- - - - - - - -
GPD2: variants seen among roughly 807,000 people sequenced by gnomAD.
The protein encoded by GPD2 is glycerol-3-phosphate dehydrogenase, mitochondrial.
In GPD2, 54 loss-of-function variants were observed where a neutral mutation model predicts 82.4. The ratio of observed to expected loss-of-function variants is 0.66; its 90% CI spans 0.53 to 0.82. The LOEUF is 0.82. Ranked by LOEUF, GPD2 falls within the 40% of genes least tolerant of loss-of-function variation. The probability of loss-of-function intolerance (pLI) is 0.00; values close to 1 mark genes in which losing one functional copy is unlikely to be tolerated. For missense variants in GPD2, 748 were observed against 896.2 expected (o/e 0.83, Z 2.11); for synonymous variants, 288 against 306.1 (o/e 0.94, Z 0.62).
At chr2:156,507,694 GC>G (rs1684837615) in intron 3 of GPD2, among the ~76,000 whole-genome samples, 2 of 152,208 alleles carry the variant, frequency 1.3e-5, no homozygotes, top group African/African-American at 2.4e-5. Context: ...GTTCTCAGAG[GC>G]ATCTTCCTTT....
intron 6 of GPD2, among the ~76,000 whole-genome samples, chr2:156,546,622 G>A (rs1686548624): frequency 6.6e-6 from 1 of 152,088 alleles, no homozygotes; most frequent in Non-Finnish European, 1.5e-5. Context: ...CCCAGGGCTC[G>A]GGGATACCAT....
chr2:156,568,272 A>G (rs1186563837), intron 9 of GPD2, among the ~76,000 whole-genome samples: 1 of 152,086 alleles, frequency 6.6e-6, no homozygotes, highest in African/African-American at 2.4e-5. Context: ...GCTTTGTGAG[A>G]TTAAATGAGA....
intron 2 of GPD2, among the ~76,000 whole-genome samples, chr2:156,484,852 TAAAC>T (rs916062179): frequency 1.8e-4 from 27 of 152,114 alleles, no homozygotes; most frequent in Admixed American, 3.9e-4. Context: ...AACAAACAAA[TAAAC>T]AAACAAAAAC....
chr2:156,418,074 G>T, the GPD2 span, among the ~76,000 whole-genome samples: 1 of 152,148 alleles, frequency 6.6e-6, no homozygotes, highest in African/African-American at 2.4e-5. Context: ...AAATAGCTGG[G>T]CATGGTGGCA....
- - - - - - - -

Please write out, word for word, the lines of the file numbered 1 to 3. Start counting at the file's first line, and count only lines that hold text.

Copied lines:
GPD2: variants seen among roughly 807,000 people sequenced by gnomAD.
The protein encoded by GPD2 is glycerol-3-phosphate dehydrogenase, mitochondrial.
In GPD2, 54 loss-of-function variants were observed where a neutral mutation model predicts 82.4. The ratio of observed to expected loss-of-function variants is 0.66; its 90% CI spans 0.53 to 0.82. The LOEUF is 0.82. Ranked by LOEUF, GPD2 falls within the 40% of genes least tolerant of loss-of-function variation. The probability of loss-of-function intolerance (pLI) is 0.00; values close to 1 mark genes in which losing one functional copy is unlikely to be tolerated. For missense variants in GPD2, 748 were observed against 896.2 expected (o/e 0.83, Z 2.11); for synonymous variants, 288 against 306.1 (o/e 0.94, Z 0.62).